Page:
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How automation can mitigate lab staffing shortages

Labs can use automation to optimize staff time

3 min read


Lab staffing shortages have been a problem for years and have reached a critical point. There is an estimated nationwide shortage of 20,000 to 25,000 laboratory technologists, and some parts of the US have vacancy rates as high as 25%. This is happening because the number of training programs is declining, salaries for lab professionals are relatively low in light of the educational requirements and costs, and high workloads and stress are increasing turnover rates.

At the same time, clinicians and patients still expect quick turnaround on lab tests. Delays in test results account for 80% of complaints made to labs.

There are a variety of steps the industry as a whole can take to address these issues, including working to attract more students to the profession, increasing the number of training programs and certifications, and standardizing licensure requirements across states.

Individual labs can also take steps to attract and retain employees. For example, they can work with HR to evaluate average salaries in their area, making sure to offer competitive pay and benefits packages, continuing education, mentorship programs and attractive career paths.

Within the lab, workflow improvements using Lean and Six Sigma methodologies can help optimize use of space and ensure an ergonomic, workflow-focused design. It’s also important to have open, two-way communication and to recognize employees for good work. To prevent burnout, roles and expectations should be clearly defined, and labs should create daily workflows that include regular breaks for employees.

Finally, automation can eliminate manual processes, making the workload more manageable for staff.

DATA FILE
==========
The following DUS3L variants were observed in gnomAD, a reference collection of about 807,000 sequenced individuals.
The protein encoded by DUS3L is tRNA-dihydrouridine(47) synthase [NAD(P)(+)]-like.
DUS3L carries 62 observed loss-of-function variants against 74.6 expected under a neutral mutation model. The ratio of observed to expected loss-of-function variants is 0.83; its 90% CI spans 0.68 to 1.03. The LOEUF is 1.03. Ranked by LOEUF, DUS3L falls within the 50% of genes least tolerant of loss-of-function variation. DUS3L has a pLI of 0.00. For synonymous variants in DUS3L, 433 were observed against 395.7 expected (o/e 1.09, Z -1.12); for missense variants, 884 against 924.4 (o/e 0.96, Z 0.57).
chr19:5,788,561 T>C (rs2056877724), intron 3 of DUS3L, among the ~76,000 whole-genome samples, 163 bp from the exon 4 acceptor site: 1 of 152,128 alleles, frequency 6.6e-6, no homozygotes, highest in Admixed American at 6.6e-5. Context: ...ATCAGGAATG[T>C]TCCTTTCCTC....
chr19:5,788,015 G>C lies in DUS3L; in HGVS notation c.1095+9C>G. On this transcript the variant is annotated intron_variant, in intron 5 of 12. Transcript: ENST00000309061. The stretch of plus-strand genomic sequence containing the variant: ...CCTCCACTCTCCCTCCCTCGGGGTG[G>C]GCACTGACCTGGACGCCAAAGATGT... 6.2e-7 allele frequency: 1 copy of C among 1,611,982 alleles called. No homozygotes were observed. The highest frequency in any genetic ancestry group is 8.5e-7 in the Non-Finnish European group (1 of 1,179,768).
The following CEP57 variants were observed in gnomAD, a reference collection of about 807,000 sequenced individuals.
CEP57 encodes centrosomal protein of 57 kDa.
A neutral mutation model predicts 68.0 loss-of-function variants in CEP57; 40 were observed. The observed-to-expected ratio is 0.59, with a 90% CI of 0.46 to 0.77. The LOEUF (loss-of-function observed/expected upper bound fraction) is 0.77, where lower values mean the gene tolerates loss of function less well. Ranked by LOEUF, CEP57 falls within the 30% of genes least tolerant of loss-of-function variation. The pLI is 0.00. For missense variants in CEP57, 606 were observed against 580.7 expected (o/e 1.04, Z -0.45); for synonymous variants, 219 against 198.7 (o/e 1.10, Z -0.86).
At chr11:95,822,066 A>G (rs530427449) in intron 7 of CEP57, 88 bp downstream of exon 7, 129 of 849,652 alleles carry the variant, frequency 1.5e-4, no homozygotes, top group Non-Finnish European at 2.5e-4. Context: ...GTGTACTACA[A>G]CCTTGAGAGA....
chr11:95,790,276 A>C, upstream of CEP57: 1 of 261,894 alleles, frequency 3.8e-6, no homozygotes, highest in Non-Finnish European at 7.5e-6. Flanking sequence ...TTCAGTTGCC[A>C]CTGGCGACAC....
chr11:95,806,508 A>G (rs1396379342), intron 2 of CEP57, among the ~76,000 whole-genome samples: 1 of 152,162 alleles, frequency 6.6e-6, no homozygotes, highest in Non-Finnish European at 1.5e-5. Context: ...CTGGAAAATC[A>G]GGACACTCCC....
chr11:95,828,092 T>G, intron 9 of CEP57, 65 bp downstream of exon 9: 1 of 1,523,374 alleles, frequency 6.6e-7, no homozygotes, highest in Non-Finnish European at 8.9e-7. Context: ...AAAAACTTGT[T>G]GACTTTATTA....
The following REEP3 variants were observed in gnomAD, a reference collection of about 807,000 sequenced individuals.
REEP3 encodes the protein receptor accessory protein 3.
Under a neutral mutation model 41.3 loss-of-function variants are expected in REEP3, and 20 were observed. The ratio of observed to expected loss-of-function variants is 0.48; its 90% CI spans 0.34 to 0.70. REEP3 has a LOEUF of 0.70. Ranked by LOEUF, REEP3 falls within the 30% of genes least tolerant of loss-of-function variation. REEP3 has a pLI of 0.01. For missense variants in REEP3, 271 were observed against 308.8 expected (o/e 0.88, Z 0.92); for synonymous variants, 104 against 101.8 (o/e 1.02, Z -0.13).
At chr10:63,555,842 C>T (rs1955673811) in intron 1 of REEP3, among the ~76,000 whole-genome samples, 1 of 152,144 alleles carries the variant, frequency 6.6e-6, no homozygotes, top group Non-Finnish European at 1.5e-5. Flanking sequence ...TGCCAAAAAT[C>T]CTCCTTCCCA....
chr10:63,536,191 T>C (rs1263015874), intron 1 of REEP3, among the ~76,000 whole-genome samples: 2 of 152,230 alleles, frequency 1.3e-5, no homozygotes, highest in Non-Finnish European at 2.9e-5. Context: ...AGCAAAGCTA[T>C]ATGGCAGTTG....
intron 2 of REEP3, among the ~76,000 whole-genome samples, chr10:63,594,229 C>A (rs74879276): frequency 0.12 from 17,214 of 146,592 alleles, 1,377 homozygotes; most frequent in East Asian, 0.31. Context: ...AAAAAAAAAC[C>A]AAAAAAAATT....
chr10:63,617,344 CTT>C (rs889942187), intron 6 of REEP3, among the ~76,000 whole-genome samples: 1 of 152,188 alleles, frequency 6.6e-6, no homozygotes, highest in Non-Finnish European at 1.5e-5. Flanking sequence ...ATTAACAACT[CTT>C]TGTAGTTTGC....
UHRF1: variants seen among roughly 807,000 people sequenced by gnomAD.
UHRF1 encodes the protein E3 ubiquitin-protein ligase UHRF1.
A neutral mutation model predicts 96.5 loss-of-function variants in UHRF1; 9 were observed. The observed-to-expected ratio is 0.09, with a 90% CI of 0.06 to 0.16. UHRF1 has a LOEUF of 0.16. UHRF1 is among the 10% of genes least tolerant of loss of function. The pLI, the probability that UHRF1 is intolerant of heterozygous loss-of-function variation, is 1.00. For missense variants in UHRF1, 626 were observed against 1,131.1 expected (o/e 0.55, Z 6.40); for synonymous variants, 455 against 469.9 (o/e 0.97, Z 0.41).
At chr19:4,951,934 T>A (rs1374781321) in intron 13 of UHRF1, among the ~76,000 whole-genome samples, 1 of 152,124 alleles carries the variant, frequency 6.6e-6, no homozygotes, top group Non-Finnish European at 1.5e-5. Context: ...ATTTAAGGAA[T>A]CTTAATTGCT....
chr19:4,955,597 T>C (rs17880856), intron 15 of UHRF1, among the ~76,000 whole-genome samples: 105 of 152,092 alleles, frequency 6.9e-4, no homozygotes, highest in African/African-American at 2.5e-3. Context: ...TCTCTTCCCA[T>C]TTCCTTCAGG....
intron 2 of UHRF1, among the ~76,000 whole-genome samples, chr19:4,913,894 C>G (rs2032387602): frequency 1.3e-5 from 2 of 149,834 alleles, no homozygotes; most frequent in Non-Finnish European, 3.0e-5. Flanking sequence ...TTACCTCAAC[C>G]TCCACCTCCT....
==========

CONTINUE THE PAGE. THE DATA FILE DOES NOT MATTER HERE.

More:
Increasing automation in the lab

Labs that want to begin increasing use of automation can start by upgrading the laboratory information system. A comprehensive LIS uses rules to replace manual processes while improving interoperability with instruments and EHRs.

Process times can be reduced by even small shifts to automation, like decapping systems or automated cleaning and reprocessing of equipment that allows staff to spend less time on repetitive tasks. For labs that want to take an even bigger step, new platforms and equipment can handle everything from labeling, sample sorting, centrifugation and decapping to automatic analysis, result entry, report verification and delivery. AI-driven automation can help optimize workflow, testing sequences, result interpretation and result augmentation.

The more automation solutions a lab employs, the less time and effort staff have to spend on manual and repetitive tasks. This means labs should see:

  • Decreased turnaround time and increased productivity
  • Increased availability of the highest-certified staff for more complex tasks
  • Reduced manual errors
  • Increased flexibility and scalability
  • Reduced safety and biohazard risks due to reduced sample handling by staff.

Labs that integrate automation and take other steps to support their workforce will see a variety of benefits and will be able to provide the best results for their organizations and the patients they serve.